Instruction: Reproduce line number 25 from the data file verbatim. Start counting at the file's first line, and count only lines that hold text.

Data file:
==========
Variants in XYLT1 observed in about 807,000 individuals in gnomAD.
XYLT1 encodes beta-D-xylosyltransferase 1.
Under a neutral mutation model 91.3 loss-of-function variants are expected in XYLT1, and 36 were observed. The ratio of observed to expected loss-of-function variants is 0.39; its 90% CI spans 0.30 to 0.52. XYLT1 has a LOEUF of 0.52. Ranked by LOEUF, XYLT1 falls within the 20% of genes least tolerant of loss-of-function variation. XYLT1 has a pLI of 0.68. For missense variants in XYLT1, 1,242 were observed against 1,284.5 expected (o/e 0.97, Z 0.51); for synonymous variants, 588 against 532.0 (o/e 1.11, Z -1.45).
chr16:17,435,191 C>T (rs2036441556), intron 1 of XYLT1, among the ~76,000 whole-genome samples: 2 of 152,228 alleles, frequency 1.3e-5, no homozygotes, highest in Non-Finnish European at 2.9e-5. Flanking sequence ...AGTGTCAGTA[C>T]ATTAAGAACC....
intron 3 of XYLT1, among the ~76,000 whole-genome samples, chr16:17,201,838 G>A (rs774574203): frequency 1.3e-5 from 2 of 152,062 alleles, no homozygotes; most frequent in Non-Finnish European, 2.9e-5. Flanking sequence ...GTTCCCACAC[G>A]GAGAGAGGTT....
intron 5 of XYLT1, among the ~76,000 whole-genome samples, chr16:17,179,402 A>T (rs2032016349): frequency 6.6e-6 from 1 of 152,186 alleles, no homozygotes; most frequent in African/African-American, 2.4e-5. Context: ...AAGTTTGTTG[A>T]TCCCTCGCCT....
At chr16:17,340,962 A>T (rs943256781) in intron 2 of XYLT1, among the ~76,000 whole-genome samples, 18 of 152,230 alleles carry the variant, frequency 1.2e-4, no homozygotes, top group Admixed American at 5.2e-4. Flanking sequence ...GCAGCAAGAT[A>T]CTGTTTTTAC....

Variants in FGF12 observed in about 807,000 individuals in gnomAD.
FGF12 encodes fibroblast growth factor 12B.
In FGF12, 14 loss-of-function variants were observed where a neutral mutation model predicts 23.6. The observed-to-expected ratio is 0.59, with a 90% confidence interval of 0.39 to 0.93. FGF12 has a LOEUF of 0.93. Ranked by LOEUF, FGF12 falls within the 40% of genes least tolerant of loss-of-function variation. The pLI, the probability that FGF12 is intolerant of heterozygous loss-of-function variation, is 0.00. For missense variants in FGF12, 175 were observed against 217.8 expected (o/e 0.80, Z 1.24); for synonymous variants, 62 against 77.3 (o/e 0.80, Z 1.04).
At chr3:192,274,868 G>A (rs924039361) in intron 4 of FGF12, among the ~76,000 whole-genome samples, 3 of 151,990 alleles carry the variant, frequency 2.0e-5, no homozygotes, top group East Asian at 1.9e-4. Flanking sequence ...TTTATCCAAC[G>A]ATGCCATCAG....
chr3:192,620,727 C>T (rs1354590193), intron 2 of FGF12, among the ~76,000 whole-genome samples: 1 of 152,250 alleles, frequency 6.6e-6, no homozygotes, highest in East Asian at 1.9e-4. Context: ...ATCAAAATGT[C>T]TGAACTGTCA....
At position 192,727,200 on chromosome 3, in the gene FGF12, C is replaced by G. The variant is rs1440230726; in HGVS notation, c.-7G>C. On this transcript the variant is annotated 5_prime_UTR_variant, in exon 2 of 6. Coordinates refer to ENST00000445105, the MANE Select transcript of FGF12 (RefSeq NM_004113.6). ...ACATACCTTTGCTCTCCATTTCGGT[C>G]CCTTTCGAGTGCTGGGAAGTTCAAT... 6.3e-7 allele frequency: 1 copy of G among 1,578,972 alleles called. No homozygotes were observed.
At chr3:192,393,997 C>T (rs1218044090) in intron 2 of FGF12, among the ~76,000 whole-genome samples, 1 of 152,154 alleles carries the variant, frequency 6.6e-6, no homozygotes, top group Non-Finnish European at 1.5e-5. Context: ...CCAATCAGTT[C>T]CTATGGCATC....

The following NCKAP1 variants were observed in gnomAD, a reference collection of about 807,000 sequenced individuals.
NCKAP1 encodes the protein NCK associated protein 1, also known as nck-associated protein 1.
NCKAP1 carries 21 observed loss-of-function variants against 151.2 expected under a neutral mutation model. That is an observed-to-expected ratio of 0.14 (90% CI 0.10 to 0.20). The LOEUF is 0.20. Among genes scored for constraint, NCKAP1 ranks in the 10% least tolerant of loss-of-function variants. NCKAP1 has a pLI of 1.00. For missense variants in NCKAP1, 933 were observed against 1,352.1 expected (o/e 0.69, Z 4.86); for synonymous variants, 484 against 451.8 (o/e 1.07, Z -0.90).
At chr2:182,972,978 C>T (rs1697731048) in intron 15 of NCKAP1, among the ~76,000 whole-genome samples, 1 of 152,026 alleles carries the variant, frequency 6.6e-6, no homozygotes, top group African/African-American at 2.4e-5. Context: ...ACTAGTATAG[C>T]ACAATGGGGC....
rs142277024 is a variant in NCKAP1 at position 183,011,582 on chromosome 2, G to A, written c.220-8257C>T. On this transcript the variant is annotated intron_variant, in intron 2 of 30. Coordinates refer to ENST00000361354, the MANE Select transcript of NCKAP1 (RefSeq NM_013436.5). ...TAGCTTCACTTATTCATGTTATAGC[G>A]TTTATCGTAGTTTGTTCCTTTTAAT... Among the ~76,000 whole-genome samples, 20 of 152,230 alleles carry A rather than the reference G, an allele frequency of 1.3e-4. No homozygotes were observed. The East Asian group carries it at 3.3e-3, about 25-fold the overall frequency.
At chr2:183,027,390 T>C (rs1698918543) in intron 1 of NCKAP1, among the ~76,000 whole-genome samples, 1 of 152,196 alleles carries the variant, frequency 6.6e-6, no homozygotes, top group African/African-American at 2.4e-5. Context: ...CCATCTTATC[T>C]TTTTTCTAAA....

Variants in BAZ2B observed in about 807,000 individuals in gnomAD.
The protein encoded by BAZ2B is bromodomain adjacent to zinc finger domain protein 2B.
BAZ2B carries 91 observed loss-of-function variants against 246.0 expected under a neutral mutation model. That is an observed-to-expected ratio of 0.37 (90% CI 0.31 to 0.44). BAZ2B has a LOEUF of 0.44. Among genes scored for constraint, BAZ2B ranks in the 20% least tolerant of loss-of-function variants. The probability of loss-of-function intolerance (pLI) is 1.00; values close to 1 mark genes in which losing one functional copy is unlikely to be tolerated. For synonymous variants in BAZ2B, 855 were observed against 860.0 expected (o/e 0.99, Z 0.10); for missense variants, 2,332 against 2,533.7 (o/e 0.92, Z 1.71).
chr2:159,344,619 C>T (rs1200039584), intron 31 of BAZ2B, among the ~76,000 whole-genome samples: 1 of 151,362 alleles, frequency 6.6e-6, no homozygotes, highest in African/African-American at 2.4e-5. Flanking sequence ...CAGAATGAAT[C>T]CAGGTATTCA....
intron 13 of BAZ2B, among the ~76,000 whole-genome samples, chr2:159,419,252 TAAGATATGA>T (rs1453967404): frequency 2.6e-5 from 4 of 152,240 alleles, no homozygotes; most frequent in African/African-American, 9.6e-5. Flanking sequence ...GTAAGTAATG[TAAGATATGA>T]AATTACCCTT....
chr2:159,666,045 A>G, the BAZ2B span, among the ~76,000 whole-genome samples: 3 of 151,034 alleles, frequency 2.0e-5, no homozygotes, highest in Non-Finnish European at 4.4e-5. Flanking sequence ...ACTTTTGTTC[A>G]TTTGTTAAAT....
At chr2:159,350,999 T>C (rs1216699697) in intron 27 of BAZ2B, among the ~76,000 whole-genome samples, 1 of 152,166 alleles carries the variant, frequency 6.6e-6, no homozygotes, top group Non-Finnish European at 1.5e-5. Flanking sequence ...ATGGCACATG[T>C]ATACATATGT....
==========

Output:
intron 13 of BAZ2B, among the ~76,000 whole-genome samples, chr2:159,419,252 TAAGATATGA>T (rs1453967404): frequency 2.6e-5 from 4 of 152,240 alleles, no homozygotes; most frequent in African/African-American, 9.6e-5. Flanking sequence ...GTAAGTAATG[TAAGATATGA>T]AATTACCCTT....